When I first picked up Just Mercy, I was looking for a book to read while I was traveling. By the time I finished the book a few days later, the story moved me so much that I knew I wanted to be a lawyer for people on death row. This book changed my career path and goals entirely. One year later, I watched the movie adaptation, and just like the first time I heard the story of Bryan Stevenson, I was jerked into facing the cruel, unjust reality of the world.
In 1983, when he was 23-years-old, Bryan Stevenson was finishing Harvard Law School and starting his career as a lawyer, battling for the exoneration of a man that was convicted of a crime he did not commit. Beginning only 35 years ago, Bryan Stevenson set out to expose the law for being unjust. When people think of the law, they think it is there to protect all people, but could the law be used to protect those with money and status? This is how Stevenson’s story began. In 2020, he is continuing his fight to release those who were wrongfully convicted of a crime merely for their race or social status. In 2020, people still face injustice with a law striving to protect and lock up those who are dangerous; however, people are still in prison today with little evidence to support their arrest. Stevenson’s work may have started in the 1990s, but it will not end anytime soon.
Although the movie was not as good as the book, since the book has more detailed exposition and background information, the movie captured events that were eye-opening. There were scenes that were hard to watch, but I could not turn away. Walter McMillian was a Black man put on death row for allegedly murdering a White woman, and Bryan Stevenson took his case to prove him guilty. Jamie Foxx’s performance as Walter McMillian was just amazing. I had tears in my eyes or a smile on my face every time he talked. I really felt like I was watching Walter McMillian’s life play out. Foxx did an incredible job of invoking every emotion out of me. One of his lines that I remember from the movie was one of his first lines. He said that he had lived his whole life being convicted of a crime he could have never possibly committed, but he did not feel like fighting anymore because no matter what, people of the law just saw him as another Black man they were able to lock up. No matter what, the police just saw him as a dangerous Black man that was able to get out of the streets. That is powerful. Minnie McMillian, Walter’s wife who was played by Kara Kendrick, also said something I will not be able to forget. She said that she did not know how to tell her children that even if they were in the house surrounded by family, they could be convicted of a murder that happened ten miles away. If a White man said they did, they did no matter how many people confirmed their alibi.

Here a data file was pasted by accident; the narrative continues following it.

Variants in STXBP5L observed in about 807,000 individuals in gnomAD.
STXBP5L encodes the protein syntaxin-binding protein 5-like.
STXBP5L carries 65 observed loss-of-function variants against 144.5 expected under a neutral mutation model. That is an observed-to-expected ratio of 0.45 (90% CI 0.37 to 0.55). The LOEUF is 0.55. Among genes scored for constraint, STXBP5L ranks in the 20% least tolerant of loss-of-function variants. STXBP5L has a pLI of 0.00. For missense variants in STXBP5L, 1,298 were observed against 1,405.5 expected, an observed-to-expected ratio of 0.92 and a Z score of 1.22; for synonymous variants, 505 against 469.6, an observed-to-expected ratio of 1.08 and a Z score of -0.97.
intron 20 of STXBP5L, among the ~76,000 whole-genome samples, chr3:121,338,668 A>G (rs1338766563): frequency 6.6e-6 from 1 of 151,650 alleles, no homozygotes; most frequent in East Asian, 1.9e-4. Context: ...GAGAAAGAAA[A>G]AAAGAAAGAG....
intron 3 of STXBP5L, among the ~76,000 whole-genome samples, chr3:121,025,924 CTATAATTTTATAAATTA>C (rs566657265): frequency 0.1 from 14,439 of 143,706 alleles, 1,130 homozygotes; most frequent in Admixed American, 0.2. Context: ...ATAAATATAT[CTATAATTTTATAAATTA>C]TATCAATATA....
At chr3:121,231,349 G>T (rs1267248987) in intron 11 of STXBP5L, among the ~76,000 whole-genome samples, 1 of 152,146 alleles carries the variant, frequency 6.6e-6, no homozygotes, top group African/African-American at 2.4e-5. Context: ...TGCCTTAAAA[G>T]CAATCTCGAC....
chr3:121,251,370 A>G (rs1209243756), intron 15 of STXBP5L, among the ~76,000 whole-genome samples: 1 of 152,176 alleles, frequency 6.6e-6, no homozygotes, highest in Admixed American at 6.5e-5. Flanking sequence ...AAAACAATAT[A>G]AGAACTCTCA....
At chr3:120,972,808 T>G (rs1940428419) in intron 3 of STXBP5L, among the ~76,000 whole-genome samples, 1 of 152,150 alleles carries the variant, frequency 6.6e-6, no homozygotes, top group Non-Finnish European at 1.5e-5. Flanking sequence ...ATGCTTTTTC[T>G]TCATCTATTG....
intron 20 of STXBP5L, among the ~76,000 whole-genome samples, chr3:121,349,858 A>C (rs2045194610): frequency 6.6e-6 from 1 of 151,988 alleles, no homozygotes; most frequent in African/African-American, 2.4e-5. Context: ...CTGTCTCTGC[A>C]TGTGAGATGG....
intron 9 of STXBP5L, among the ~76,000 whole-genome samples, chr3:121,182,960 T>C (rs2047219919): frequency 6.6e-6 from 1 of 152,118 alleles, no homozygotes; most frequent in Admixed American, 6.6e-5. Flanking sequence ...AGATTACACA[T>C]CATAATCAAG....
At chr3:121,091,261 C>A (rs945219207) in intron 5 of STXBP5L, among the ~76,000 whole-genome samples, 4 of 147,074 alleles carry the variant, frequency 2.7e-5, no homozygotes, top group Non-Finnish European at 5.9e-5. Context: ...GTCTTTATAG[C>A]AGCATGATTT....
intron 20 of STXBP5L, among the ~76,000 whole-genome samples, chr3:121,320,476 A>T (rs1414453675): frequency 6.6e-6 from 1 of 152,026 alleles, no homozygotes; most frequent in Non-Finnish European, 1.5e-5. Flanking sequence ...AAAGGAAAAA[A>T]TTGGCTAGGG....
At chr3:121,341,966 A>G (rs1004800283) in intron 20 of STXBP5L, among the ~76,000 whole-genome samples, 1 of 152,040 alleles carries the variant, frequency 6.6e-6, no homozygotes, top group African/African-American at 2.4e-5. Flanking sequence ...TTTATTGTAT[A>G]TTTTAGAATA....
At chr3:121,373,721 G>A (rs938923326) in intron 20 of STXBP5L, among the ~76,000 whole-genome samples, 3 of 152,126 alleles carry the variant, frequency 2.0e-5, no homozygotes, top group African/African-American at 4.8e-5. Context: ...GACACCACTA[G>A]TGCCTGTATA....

The story is truly moving not because it has amazing actors, and not because of the awe-inspiring quotes that come from the movie; it is moving because this is life. There are people who really are having to get up every day with a death sentence hanging over them for a crime they have not committed. Families are still fighting today for their loved ones to receive justice. People are still being convicted of murder solely because of their race or because they do not have the money to fight back and get a lawyer who can prove their innocence. This is real life. People are not surprised that they face death row or prison because of their skin. People accept that they are guilty because they know no matter what, some piece of evidence will show how they could be the victim. This is not just a story. This is not just a movie, and it is up to us to come together and stop the injustice.
Just Mercy is a story you have to read or see. The movie will leave you in tears and will make you want to stand up and fight with Bryan Stevenson. It is terrifying that this happens today. This is why people are so mortified to let their children or family out of their sight. In the movie, Walter McMillian told one of his cellmates that no matter what crime has been committed, that does not give someone the right to take a life. I want to leave you with one question. What justifies a person to take a life?